By MARGIE O’LOUGHLIN
The East Nokomis neighborhood has two outstanding native plant habitats: the Gateway Gardens at the NW corner of E. 50th St. and Hiawatha Ave., and the Nokomis Naturescape just a mile away at 5001 E. Nokomis Pkwy. These two native plant habitats will soon be connected by a series of gardens along E. 50th St. called the Monarch Mile.
Photo right: Gateway Gardens volunteer Linda Wogstad (left) and Nokomis Naturescape volunteer and visionary Vicki Bonk relaxed in the Gateway Gardens. Those two native gardens will soon be connected by 17 additional pollinator friendly gardens along E. 50th St., in a neighborhood collaboration called the Monarch Mile. (Photo by Margie O’Loughlin)
According to Gateway Gardens volunteer Linda Wogstad, “The goal of this collaboration is to piggyback on the federal government’s monarch corridor, which runs broadly on either side of I-35 from Duluth, MN to San Antonio, TX.”
The Monarch Mile, also called the 50th St. Monarch Corridor, will be installed on July 31 and Aug. 1. Members of the Conservation Corps of Minnesota will remove sod and replace dirt in the 17 participating boulevard gardens.
Photo left: Rich Harrison, director of landscape design for Metro Blooms, stopped by to admire the growth of the Gateway Gardens’ flowers, prairie grasses, and trees. Harrison provided site evaluations for the boulevards gardens that will soon become part of the Monarch Mile. Metro Blooms is a major partner on this project. (Photo by Margie O’Loughlin)
The 15 homeowners, one church, and onebusiness receiving the pollinator patches, as they’re called, all applied for garden grants through NENA. (Contact email@example.com if interested in applying for a grant next year.)
Metro Blooms has provided the design work and will be coordinating the installation of the Monarch Mile. Landscape design director Rich Harrison said, “The gardens will be in the boulevards between the sidewalks and the curb. Each garden will be about 7-1/2 x 12-1/2‘. The boulevards on E. 50th St. are especially wide, which will make the gardens more impactful. We have different plant selections depending on whether a site is sunny, shady, or a mixture of both.”
Photo right: Black-Eyed Susan and Butterfly Weed (shown here) are examples of pollinator friendly, drought tolerant, native plantings. Plants like these make the Gateway Gardens a monarch magnet, especially during the migration months of Aug./Sept. (Photo by Margie O’Loughlin)
Members of the Fresh Water Society’s Master Water Steward Program were instrumental in getting residents to apply for grants. The cost share per garden is about $250, with the labor and plant materials having a value much higher than that. Wilderness Inquiry will be providing the muscle power to get the plants in the ground.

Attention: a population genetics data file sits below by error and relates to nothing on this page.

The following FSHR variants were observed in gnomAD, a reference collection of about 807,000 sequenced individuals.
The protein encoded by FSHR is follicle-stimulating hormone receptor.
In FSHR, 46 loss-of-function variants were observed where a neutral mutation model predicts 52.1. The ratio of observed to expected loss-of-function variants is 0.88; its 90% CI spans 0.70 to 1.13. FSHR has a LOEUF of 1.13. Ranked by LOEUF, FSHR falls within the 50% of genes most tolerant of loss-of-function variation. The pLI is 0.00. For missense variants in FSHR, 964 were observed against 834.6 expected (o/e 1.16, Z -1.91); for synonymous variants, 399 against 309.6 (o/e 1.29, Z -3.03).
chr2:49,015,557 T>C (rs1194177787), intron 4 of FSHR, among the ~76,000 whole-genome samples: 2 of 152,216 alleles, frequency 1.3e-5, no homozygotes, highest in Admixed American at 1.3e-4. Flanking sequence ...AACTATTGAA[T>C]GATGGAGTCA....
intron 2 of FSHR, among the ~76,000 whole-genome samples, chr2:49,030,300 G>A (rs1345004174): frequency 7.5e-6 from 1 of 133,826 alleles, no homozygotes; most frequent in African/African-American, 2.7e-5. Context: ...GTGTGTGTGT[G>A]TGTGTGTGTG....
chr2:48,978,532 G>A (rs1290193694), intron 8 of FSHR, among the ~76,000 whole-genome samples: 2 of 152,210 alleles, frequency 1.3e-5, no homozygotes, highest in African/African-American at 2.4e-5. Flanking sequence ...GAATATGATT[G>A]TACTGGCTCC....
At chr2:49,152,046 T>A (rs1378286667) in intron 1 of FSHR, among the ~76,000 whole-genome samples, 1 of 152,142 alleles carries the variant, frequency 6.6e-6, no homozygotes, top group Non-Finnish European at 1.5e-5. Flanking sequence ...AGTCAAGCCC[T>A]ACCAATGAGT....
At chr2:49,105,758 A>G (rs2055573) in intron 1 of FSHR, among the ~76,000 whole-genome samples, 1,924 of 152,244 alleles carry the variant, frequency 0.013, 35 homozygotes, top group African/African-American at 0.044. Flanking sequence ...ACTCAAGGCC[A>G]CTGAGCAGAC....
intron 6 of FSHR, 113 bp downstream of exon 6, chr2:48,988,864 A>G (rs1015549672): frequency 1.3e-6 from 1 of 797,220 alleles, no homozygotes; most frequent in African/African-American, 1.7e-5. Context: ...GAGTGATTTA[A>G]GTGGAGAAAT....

The Gateway Gardens exist on a half-acre inner-city lot. They are the result of a collaboration between the Nokomis East Neighborhood Association, area residents, Metro Transit (who owns the lot), and the City of Minneapolis. Colberg/tews landscape architecture created the garden plan pro-bono in 2010. They designed the plantings to look like a butterfly wing when viewed from the air. A generous donor covered the cost of the plant materials.
Photo left: Invasive insects, like this Japanese Beetle held by gardener Marilyn Jones, present a constant challenge to the core of six gardeners responsible for the care and up-keep of the Gateway Gardens. (Photo by Margie O’Loughlin)
Wogstad was quick to point out that “all of this is the result of dedicated, well-informed arearesidents. The gardens could not exist without the support of this community. In particular, the volunteer gardeners had the vision in the first place, and have kept it going for all these years. We continue to welcome gardeners of all experience levels to join us.” Visit the Nokomis East Gateway Gardens Facebook page to learn more.
The four+ acre Nokomis Naturescape rests at the other end of the soon-to-be Monarch Mile. Vicki Bonk has been with the project since the beginning. “We started out by applying for a Neighborhood Revitalization Project grant 20 years ago,” Bonk said, “and I’ve shepherded the Naturescape along ever since. We’ve been able to achieve something special here through our model of Demonstrate (with the oak savannah and prairie plantings), Educate (the Growing Monarch Habitat Workshops offered in the spring), and Celebrate (the Monarch Festival each fall).”